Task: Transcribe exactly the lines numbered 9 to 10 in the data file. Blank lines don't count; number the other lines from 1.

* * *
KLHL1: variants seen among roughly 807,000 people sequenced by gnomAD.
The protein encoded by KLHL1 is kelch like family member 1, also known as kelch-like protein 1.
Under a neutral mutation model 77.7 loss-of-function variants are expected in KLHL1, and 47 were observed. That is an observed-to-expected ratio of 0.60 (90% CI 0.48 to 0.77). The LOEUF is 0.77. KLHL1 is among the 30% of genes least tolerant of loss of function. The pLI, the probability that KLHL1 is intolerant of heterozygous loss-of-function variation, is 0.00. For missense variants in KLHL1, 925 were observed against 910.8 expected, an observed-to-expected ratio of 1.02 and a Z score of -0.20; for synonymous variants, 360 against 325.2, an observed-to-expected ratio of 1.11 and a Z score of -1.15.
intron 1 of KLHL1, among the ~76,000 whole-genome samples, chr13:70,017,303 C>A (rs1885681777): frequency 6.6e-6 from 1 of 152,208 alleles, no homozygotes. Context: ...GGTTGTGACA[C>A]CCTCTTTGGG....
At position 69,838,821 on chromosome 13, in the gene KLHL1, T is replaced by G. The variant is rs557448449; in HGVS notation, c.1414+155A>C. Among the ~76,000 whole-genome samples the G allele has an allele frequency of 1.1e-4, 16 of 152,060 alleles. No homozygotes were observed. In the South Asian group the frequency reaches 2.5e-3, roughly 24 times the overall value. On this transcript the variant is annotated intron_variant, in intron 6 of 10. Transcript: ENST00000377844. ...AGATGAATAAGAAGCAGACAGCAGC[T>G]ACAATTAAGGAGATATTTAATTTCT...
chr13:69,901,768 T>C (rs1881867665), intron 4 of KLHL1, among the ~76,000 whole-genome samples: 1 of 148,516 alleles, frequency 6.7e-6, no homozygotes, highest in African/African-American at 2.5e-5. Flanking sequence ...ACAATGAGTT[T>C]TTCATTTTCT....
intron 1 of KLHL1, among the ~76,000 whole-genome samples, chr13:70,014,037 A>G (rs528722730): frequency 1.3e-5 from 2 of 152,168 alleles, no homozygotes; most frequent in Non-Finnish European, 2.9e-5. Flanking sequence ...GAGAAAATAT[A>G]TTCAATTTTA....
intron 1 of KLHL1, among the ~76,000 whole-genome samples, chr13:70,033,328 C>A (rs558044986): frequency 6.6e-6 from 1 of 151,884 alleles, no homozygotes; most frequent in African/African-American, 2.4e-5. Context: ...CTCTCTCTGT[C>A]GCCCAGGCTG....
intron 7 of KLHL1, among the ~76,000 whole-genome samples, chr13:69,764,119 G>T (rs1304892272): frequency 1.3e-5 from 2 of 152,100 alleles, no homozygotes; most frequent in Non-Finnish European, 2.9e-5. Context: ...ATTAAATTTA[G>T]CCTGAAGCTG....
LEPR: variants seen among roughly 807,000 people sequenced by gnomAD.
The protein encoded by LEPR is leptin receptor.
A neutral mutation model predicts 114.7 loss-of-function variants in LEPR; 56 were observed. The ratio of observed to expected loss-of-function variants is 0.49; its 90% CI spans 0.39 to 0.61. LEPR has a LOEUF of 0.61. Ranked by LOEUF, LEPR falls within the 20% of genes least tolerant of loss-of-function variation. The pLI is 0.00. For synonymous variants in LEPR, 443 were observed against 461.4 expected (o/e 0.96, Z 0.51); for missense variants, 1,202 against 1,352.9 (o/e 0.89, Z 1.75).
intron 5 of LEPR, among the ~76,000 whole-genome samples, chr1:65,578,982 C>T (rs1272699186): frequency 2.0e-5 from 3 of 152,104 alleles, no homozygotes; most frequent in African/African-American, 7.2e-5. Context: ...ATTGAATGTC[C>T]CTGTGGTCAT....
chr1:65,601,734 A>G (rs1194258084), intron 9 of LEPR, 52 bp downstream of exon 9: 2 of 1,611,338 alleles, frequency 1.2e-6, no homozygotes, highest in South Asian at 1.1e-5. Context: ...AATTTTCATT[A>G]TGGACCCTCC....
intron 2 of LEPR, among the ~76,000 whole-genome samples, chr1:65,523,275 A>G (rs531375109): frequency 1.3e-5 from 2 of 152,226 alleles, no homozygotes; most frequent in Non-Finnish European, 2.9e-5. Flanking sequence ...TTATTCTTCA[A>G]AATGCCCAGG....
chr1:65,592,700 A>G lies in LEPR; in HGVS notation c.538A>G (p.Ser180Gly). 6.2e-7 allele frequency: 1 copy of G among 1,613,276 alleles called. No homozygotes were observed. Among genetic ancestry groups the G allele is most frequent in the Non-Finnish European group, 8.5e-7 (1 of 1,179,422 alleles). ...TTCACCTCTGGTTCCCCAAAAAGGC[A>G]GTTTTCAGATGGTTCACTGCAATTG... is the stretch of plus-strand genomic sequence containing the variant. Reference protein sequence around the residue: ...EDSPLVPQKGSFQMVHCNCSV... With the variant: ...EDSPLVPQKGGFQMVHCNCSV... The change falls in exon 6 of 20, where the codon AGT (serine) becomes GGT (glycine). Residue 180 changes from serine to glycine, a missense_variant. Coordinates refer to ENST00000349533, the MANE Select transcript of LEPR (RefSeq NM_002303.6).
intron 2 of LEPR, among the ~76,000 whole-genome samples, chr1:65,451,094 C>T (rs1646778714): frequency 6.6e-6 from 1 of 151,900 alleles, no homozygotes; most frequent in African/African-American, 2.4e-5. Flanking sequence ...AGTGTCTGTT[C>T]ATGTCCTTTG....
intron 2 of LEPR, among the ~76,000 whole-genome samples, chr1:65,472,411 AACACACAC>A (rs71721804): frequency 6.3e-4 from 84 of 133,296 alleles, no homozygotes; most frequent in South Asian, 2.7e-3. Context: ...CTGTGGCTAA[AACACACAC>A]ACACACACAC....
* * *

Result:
intron 7 of KLHL1, among the ~76,000 whole-genome samples, chr13:69,764,119 G>T (rs1304892272): frequency 1.3e-5 from 2 of 152,100 alleles, no homozygotes; most frequent in Non-Finnish European, 2.9e-5. Context: ...ATTAAATTTA[G>T]CCTGAAGCTG....
LEPR: variants seen among roughly 807,000 people sequenced by gnomAD.